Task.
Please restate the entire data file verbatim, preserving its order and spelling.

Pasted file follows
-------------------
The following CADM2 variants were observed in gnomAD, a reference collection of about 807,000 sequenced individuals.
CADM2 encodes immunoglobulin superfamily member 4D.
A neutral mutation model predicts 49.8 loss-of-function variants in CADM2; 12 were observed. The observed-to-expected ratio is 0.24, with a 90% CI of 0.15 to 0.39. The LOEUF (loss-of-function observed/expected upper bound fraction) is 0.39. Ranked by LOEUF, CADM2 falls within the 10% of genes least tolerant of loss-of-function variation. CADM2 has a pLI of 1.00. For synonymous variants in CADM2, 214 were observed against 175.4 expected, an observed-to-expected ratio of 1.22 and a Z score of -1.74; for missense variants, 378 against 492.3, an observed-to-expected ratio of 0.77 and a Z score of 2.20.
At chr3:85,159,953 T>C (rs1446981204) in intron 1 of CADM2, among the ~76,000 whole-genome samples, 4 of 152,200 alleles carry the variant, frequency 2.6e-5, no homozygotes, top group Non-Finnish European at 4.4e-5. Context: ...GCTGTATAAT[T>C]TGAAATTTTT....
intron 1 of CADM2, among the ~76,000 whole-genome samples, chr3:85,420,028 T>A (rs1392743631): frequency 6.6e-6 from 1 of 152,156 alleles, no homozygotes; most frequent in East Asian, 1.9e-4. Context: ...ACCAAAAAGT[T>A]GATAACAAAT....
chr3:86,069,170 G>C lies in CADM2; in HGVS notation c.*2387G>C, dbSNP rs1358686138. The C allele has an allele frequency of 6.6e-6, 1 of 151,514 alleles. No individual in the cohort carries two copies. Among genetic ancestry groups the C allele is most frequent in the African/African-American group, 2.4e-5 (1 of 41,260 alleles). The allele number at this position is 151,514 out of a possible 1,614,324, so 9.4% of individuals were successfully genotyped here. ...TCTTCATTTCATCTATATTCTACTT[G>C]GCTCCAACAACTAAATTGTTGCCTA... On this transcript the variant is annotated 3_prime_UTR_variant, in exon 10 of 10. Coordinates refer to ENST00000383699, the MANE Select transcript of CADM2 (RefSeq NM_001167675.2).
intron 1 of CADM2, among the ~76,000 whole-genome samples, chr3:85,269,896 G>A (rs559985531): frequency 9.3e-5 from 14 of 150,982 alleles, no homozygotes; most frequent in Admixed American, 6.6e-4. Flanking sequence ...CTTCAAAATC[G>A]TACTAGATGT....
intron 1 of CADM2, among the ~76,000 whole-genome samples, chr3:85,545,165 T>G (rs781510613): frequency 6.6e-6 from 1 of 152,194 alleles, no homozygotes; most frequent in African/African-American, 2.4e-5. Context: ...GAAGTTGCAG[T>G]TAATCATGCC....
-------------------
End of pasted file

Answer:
The following CADM2 variants were observed in gnomAD, a reference collection of about 807,000 sequenced individuals.
CADM2 encodes immunoglobulin superfamily member 4D.
A neutral mutation model predicts 49.8 loss-of-function variants in CADM2; 12 were observed. The observed-to-expected ratio is 0.24, with a 90% CI of 0.15 to 0.39. The LOEUF (loss-of-function observed/expected upper bound fraction) is 0.39. Ranked by LOEUF, CADM2 falls within the 10% of genes least tolerant of loss-of-function variation. CADM2 has a pLI of 1.00. For synonymous variants in CADM2, 214 were observed against 175.4 expected, an observed-to-expected ratio of 1.22 and a Z score of -1.74; for missense variants, 378 against 492.3, an observed-to-expected ratio of 0.77 and a Z score of 2.20.
At chr3:85,159,953 T>C (rs1446981204) in intron 1 of CADM2, among the ~76,000 whole-genome samples, 4 of 152,200 alleles carry the variant, frequency 2.6e-5, no homozygotes, top group Non-Finnish European at 4.4e-5. Context: ...GCTGTATAAT[T>C]TGAAATTTTT....
intron 1 of CADM2, among the ~76,000 whole-genome samples, chr3:85,420,028 T>A (rs1392743631): frequency 6.6e-6 from 1 of 152,156 alleles, no homozygotes; most frequent in East Asian, 1.9e-4. Context: ...ACCAAAAAGT[T>A]GATAACAAAT....
chr3:86,069,170 G>C lies in CADM2; in HGVS notation c.*2387G>C, dbSNP rs1358686138. The C allele has an allele frequency of 6.6e-6, 1 of 151,514 alleles. No individual in the cohort carries two copies. Among genetic ancestry groups the C allele is most frequent in the African/African-American group, 2.4e-5 (1 of 41,260 alleles). The allele number at this position is 151,514 out of a possible 1,614,324, so 9.4% of individuals were successfully genotyped here. ...TCTTCATTTCATCTATATTCTACTT[G>C]GCTCCAACAACTAAATTGTTGCCTA... On this transcript the variant is annotated 3_prime_UTR_variant, in exon 10 of 10. Coordinates refer to ENST00000383699, the MANE Select transcript of CADM2 (RefSeq NM_001167675.2).
intron 1 of CADM2, among the ~76,000 whole-genome samples, chr3:85,269,896 G>A (rs559985531): frequency 9.3e-5 from 14 of 150,982 alleles, no homozygotes; most frequent in Admixed American, 6.6e-4. Flanking sequence ...CTTCAAAATC[G>A]TACTAGATGT....
intron 1 of CADM2, among the ~76,000 whole-genome samples, chr3:85,545,165 T>G (rs781510613): frequency 6.6e-6 from 1 of 152,194 alleles, no homozygotes; most frequent in African/African-American, 2.4e-5. Context: ...GAAGTTGCAG[T>G]TAATCATGCC....